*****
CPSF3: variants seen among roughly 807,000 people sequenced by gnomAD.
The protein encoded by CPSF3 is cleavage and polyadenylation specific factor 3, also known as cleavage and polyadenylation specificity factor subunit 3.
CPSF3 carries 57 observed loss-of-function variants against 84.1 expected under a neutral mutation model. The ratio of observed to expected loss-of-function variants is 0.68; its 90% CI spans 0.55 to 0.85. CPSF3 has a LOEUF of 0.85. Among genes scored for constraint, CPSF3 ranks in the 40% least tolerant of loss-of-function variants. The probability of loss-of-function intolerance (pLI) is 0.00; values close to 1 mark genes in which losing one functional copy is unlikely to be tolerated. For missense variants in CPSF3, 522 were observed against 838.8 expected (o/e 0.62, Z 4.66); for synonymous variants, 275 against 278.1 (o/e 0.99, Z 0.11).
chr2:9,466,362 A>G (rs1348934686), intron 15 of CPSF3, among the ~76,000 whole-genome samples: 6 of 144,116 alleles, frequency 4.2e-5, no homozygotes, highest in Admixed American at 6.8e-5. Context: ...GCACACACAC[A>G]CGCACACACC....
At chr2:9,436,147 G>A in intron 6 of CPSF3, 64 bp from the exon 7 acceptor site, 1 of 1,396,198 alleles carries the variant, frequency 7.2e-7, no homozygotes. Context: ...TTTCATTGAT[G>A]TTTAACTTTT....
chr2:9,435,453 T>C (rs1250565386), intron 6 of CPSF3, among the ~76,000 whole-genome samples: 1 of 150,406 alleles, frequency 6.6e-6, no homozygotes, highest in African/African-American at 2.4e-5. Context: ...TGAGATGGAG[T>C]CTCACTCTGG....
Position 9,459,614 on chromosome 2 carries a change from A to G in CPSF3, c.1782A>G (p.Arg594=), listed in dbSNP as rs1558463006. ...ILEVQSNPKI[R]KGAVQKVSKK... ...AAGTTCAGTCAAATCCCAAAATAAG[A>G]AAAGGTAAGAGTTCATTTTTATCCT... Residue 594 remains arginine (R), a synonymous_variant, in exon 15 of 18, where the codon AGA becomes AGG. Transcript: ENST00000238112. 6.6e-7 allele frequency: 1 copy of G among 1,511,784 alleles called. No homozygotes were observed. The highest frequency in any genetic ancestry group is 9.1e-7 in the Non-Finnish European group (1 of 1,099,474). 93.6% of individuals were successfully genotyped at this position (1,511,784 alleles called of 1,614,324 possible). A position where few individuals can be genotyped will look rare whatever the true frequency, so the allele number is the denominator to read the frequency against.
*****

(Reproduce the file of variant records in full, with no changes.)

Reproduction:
CPSF3: variants seen among roughly 807,000 people sequenced by gnomAD.
The protein encoded by CPSF3 is cleavage and polyadenylation specific factor 3, also known as cleavage and polyadenylation specificity factor subunit 3.
CPSF3 carries 57 observed loss-of-function variants against 84.1 expected under a neutral mutation model. The ratio of observed to expected loss-of-function variants is 0.68; its 90% CI spans 0.55 to 0.85. CPSF3 has a LOEUF of 0.85. Among genes scored for constraint, CPSF3 ranks in the 40% least tolerant of loss-of-function variants. The probability of loss-of-function intolerance (pLI) is 0.00; values close to 1 mark genes in which losing one functional copy is unlikely to be tolerated. For missense variants in CPSF3, 522 were observed against 838.8 expected (o/e 0.62, Z 4.66); for synonymous variants, 275 against 278.1 (o/e 0.99, Z 0.11).
chr2:9,466,362 A>G (rs1348934686), intron 15 of CPSF3, among the ~76,000 whole-genome samples: 6 of 144,116 alleles, frequency 4.2e-5, no homozygotes, highest in Admixed American at 6.8e-5. Context: ...GCACACACAC[A>G]CGCACACACC....
At chr2:9,436,147 G>A in intron 6 of CPSF3, 64 bp from the exon 7 acceptor site, 1 of 1,396,198 alleles carries the variant, frequency 7.2e-7, no homozygotes. Context: ...TTTCATTGAT[G>A]TTTAACTTTT....
chr2:9,435,453 T>C (rs1250565386), intron 6 of CPSF3, among the ~76,000 whole-genome samples: 1 of 150,406 alleles, frequency 6.6e-6, no homozygotes, highest in African/African-American at 2.4e-5. Context: ...TGAGATGGAG[T>C]CTCACTCTGG....
Position 9,459,614 on chromosome 2 carries a change from A to G in CPSF3, c.1782A>G (p.Arg594=), listed in dbSNP as rs1558463006. ...ILEVQSNPKI[R]KGAVQKVSKK... ...AAGTTCAGTCAAATCCCAAAATAAG[A>G]AAAGGTAAGAGTTCATTTTTATCCT... Residue 594 remains arginine (R), a synonymous_variant, in exon 15 of 18, where the codon AGA becomes AGG. Transcript: ENST00000238112. 6.6e-7 allele frequency: 1 copy of G among 1,511,784 alleles called. No homozygotes were observed. The highest frequency in any genetic ancestry group is 9.1e-7 in the Non-Finnish European group (1 of 1,099,474). 93.6% of individuals were successfully genotyped at this position (1,511,784 alleles called of 1,614,324 possible). A position where few individuals can be genotyped will look rare whatever the true frequency, so the allele number is the denominator to read the frequency against.